At any rate...
I find it's best to pour a beer off the Tap-A-Draft the day before you intend on serving samples to friends... The initial pour is foamy, and for some reason, not that great... When I served some brew up on my son's birthday, the beer was a little too cloudy. While this was intended to be an unfiltered wheat beer, I think the initial blast of CO2 on the first pour kicked up a wee bit too much of the sediment... Moving forward, the beer improved, but as the bottle settled over the course of the week, I found I needed to jostle it a bit, to keep the yeast suspended in the beer.

As you may or may not know, it is customary to agitate a WitBier mid-way through the pour to ensure the yeast at the bottom of the bottle is evenly distributed. This is a little strange with a large blue plastic Tap-A-Draft kit...

"...drink your wine (in this case beer) with a joyful heart, for it is now that God favors what you do."
I was also able to share some of the Dad's Resolve WitBier with my Pastor. He may very well be my number one brewing fan... Too funny! He came over for a visit and shared a story with me over a glass of homebrew.

At a recent meeting, the church elders were having a frustrating time, not getting a lot of work done, and it was hot. The Pastor said, "We should call it a day and go somewhere for a beer and just have a little fellowship." I think he was testing the waters with Romans 14:21-22 in mind, as not all Christians are as open minded or even keeled about beer consumption.

Apparently his elders are, as they all agreed. At this point he mentioned that I made beer, and that he was a big fan. From what the Pastor tells me, the elders actually considered giving me a call to see if I had any cold brew on tap. After hearing this story, I promised to make some sort of Abbey Ale for a future elders meeting. More to follow on that... (More on my views on beer and Christianity here)

A moving experience
I'll be heading over to a buddy's apartment on Friday night to help him pack up and move. I plan to bring the last bottle of Dad's Resolve WitBier with me and share it with who ever shows up to help with the move. I'll try and add some photos of the brew to this post later in the week...

Wednesday, July 15, 2009

Dad's Resolved Witbier Bottled

Dad's Resolved Witbier was bottled last Friday, on the 10th... I figure the beer should be ready for a try around the end of the month, hopefully early enough to serve as a treat for yours truly and some of my fellow young fathers at a very special event.

Any recommendations on conditioning time for a Witbier??? If I bottled on the 10th, and chance it will suitable for consumption on or about the weekend of the 25th? I'm thinking another week might have better results, but I'm not sure...

I thought it might be a cool novelty to pour a few homebrews for myself and the other Dads at my son's first birthday, in keeping with the name and all, Dad's Resolved Witbier. It's fitting, as I brewed it as a sort of belated Father's Day bonding activity when my own Dad visited me the week following Father's Day.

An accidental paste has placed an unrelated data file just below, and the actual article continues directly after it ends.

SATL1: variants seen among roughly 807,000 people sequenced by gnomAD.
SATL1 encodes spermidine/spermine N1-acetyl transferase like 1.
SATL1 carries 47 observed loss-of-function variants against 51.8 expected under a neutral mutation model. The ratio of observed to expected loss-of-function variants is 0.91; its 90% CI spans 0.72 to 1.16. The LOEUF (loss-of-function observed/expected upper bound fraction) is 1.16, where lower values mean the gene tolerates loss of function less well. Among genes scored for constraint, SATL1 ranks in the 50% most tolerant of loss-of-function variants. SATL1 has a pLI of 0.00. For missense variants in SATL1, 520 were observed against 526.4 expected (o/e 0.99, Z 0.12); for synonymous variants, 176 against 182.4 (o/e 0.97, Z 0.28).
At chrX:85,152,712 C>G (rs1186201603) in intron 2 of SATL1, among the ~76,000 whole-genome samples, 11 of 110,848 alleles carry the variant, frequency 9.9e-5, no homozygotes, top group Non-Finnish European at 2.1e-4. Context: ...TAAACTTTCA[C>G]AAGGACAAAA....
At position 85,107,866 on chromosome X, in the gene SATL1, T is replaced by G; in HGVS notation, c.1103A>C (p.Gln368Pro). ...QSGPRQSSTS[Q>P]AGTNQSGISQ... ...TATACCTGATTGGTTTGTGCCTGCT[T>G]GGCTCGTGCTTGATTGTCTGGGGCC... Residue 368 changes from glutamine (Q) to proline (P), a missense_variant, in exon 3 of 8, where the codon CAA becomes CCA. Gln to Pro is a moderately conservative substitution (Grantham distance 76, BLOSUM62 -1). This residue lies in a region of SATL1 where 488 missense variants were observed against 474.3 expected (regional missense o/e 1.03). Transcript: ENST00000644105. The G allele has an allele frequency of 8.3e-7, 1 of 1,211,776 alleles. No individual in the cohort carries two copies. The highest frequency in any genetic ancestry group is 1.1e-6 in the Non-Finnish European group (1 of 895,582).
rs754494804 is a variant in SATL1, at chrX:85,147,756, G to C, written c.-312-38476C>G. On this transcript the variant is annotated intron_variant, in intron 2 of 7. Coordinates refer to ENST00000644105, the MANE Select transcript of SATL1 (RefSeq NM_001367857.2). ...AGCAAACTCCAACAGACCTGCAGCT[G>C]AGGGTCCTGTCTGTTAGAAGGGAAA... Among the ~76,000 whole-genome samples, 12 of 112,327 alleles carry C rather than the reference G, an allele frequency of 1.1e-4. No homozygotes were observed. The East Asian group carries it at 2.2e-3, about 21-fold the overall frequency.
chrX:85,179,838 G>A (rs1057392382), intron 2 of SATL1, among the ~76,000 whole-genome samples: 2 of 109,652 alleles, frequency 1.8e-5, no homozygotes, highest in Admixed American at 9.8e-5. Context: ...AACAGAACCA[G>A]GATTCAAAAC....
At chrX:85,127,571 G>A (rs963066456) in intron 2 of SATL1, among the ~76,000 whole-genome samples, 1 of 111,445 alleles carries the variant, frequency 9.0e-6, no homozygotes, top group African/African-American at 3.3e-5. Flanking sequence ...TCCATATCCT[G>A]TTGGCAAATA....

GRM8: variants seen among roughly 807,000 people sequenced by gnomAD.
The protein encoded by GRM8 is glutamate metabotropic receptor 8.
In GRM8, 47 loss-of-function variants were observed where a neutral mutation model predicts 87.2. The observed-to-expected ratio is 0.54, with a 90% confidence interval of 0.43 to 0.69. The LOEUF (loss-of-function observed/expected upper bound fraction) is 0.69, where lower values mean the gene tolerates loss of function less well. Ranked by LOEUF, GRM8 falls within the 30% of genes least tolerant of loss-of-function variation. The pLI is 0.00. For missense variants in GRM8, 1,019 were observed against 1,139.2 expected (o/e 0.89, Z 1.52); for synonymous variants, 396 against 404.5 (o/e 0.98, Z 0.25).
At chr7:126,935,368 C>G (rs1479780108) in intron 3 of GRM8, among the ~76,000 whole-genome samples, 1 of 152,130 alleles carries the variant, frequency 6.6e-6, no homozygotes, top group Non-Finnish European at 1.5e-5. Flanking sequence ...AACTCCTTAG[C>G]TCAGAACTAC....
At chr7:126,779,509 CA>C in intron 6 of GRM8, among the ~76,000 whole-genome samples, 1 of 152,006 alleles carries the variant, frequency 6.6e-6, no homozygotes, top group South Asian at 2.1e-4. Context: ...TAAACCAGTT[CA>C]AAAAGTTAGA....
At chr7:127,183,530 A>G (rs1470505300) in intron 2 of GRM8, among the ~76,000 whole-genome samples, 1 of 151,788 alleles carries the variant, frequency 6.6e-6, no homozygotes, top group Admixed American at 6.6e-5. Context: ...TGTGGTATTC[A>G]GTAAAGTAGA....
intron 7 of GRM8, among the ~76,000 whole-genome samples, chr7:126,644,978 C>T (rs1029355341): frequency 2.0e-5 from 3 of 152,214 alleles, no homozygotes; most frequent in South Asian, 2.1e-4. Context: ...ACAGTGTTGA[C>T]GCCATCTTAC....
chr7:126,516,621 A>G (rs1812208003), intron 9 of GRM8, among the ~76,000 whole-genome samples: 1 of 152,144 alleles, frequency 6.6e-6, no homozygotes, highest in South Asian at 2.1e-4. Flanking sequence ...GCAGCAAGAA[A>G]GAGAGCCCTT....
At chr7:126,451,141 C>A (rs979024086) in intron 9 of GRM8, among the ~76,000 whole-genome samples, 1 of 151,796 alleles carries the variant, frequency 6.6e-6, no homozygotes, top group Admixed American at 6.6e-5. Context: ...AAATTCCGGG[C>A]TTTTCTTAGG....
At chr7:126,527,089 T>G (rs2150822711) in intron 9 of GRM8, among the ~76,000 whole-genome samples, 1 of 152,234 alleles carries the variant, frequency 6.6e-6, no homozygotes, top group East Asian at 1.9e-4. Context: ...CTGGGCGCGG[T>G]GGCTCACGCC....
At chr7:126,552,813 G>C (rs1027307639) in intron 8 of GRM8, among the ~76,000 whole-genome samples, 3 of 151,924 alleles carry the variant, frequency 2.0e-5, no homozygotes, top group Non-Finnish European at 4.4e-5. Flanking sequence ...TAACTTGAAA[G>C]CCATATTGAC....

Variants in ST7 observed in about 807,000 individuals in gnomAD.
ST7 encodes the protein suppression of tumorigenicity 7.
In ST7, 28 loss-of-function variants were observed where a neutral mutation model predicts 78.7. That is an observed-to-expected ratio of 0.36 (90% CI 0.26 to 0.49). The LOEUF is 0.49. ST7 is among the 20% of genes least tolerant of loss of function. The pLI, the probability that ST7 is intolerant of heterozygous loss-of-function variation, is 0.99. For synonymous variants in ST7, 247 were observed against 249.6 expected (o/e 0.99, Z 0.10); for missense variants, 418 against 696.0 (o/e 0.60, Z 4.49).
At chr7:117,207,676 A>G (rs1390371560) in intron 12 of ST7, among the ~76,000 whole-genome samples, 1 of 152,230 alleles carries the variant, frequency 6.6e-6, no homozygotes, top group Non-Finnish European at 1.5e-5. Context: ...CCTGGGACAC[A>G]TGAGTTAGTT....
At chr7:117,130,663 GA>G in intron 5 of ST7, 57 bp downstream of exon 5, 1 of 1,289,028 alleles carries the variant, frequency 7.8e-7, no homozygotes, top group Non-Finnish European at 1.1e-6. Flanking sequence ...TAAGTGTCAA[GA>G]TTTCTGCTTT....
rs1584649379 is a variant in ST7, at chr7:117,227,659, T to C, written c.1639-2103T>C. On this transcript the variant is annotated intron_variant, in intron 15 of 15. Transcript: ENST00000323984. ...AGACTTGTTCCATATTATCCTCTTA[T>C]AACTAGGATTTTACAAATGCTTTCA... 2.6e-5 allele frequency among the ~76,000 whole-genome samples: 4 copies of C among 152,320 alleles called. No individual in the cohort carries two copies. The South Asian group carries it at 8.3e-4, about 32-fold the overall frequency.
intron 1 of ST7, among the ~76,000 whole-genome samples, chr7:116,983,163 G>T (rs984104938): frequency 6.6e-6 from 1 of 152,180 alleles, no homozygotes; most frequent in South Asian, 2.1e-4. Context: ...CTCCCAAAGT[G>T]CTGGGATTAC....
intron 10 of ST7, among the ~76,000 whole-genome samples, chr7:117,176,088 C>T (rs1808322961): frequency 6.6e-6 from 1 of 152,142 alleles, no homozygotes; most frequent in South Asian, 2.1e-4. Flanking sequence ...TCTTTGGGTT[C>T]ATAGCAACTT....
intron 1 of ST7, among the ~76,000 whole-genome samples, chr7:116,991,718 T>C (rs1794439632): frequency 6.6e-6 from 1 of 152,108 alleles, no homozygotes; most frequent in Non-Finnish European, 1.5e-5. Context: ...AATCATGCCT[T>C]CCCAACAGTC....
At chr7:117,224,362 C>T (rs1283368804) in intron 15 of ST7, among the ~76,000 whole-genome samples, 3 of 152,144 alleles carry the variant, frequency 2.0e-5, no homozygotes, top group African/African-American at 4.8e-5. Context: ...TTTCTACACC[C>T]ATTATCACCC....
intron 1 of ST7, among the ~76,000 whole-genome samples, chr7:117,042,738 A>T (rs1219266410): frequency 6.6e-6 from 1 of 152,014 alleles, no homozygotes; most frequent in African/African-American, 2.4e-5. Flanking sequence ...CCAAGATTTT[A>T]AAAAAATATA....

Sadly, my son will need to wait about 20 more birthdays before he can partake in the libations... But, as blogged previously, I have visions of us brewing a little homemade root beer with the lad as he gets a little older...

Tuesday, June 30, 2009

Dad's Resolved Witbier

Father and son, brewing up a batch of Dad's Resolved Witbier...


video
"Looks like dirty water, but it smells good..."

Dad kicking back with a cold one while the wort boils...

I decided a week or so ago that I would brew up some sort of wheat beer with my father during his visit this week. Sort of a late father's day activity for us. So I took a look at a couple of wheat beer recipes for ideas, and went to my local homebrew shop with Dad in tow this morning to build my own recipe from what they had in stock, on the fly. Here's what I came up with...

1lbs - Torrified Wheat (steeped for 15 minutes at approx 150 degrees)
3 lbs - Muntons Wheat DME (Boil for 60 min)
1 ounce - GR Hallertau 3.8% Alph (Boil for 60 min)
1 ounce - Czech Saaz (Boil for 30 min)
3.3 lbs - Muntons Malt Extract Wheat (Boil for 15 min)
1 lbs - Pure Wildflower Honey (Boil for 4 min)
1 ounce - Bitter Orange Peel (Boil for 4 min)
1 Wyeast Forbidden Fruit Activator Yeast Slap Pack

Dad did a great job of stirring the wort and helping me keep on track with the recipe.

I'm thinking I have some sort of modified Witbier on my hands, at the very least some sort of wheat beer... Those of you that actually know what your talking about, throw me a bone here, do I have anything that fits into a style?

My Dad did a good job helping me brew, but he struggled with the digital camera...
This was the best shot he got of me...


I actually took this "action shot" of myself, just in case Dad's shots didn't come out.

I hope I have something at least half way decent fermenting in the fermentation room, AKA the guest bedroom, downstairs in the finished basement where Dad is staying.